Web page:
In the year 1821, Gruithuisen announced that he had discovered a city of the moon. He described its main thoroughfare and branching streets. In 1826, he announced that there had been considerable building, and that he had seen new streets. This formation, which is north of the crater Schroeter, has often been examined by disagreeing astronomers: for a sketch of it, in which a central line and radiating lines are shown, see the English Mechanic, 18-638.(21) There is one especial object upon the moon that has been described and photographed and sketched so often that I shall not go into the subject. For many records of observations, see the English Mechanic and L'Astronomie.(22) It is an object shaped like a sword, near the crater Birt. Anyone with an impression of the transept of a cathedral, may see the architectural here. Or it may be a mound similar to the mounds of [135/136] North America that have so logically been attributed to the Mound Builders. In a letter, published in the Astronomical Register, 20-167, Mr. Birmingham calls attention to a formation that suggests the architectural upon the moon — "a group of three hills in a slightly acute-angled triangle, and connected by three lower embankments."(23) There is a geometric object, or marking, shaped like an "X," in the crater Eratosthenes (Sci. Amer. Sup., 59-24, 469); striking symbolic-looking thing or sign, or attempt by means of something obviously not topographic, to attract attention upon this earth, in the crater Plinius (Eng. Mec., 35-34); reticulations, like those of a city's squares, in Plato (Eng. Mec., 64-253; and there is a structural-looking composition of angular lines in Gassendi (Eng. Mec., 101-466).(24) Upon the floor of Littrow are six or seven spots arranged in the form of the Greek letter Gamma (Eng. Mec., 101-47).(25) This arrangement may be of recent origin, having been discovered Jan. 31, 1915. The Greek letter makes difficulty only for those who do not want to think easily upon this subject. For a representation of something that looked like a curved wall upon the moon, see L'Astronomie, 1888-110.(26) As to appearances like viaducts, see L'Astronomie, 1885-213.(27) The lunar craters are not in all instances the simple cirques that they are commonly supposed to be. I have many different impressions of some of them: I remember one sketch that looked like an owl with a napkin tucked under his beak. However, it may be that the general style of architecture upon the moon is Byzantine, very likely, or not so likely, domed with glass, giving the dome-effect that has so often been commented upon.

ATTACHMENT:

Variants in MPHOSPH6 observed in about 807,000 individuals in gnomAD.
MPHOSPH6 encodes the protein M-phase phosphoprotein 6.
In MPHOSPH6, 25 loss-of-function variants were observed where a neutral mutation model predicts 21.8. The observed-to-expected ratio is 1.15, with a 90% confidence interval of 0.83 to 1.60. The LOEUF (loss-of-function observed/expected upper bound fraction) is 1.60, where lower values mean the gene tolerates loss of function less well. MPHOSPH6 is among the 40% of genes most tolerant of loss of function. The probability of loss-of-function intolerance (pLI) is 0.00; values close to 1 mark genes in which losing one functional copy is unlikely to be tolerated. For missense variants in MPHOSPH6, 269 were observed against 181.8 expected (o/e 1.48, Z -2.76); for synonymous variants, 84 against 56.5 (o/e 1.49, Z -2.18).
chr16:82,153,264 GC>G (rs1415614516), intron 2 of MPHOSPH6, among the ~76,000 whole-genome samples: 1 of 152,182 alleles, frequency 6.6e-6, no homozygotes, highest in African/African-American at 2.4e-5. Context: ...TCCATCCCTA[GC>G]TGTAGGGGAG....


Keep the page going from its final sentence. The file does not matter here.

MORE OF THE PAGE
So then the little nearby moon — it is populated by Lilliputians. However, our experience with agreeing ideas having been what it has been, we suspect that the lunarians are giants. Having reasonably determined that the moon is one hundred miles in diameter, we suppose it is considerably more or less.

*  *  *

A group of astronomers had been observing extraordinary lights in the lunar crater Plato. The lights had definite arrangement. They were so individualized that Birt and Elger, and the other selenographers, who had combined to study them, had charted and [136/137] numbered them. They were fixed in position, but rose and fell in intensity.

It does seem to me that we have data of one school of communicationists after another coming into control of efforts upon the moon. At first our data related to single lights. They were extraordinary, and they seem to me to have been signals, but there seemed to be nothing of the organization that now does seem to be creeping into the fragmentary material that is the best that we can find. The grouped lights in Plato were so distinctive, so clear and even brilliant, that if such lights had ever shone before, it seems that they must have been seen by the Schroeters, Gruithuisens, Beers and Mädlers, who had studied and charted the features of the moon. For several of Gledhill's observations, from which I derive my impressions of these lights, see Rept. B.A., 1871-80 — "I can only liken them to the small discs of stars, seen in the transit-instrument;" "just like small stars in the transit instrument, upon a windy night!"(28)

In August and September, 1869, occurred a notable illumination of the spots in Group I. It was accompanied by a single light upon a distant spot.

February and March, 1870 — illumination of another group.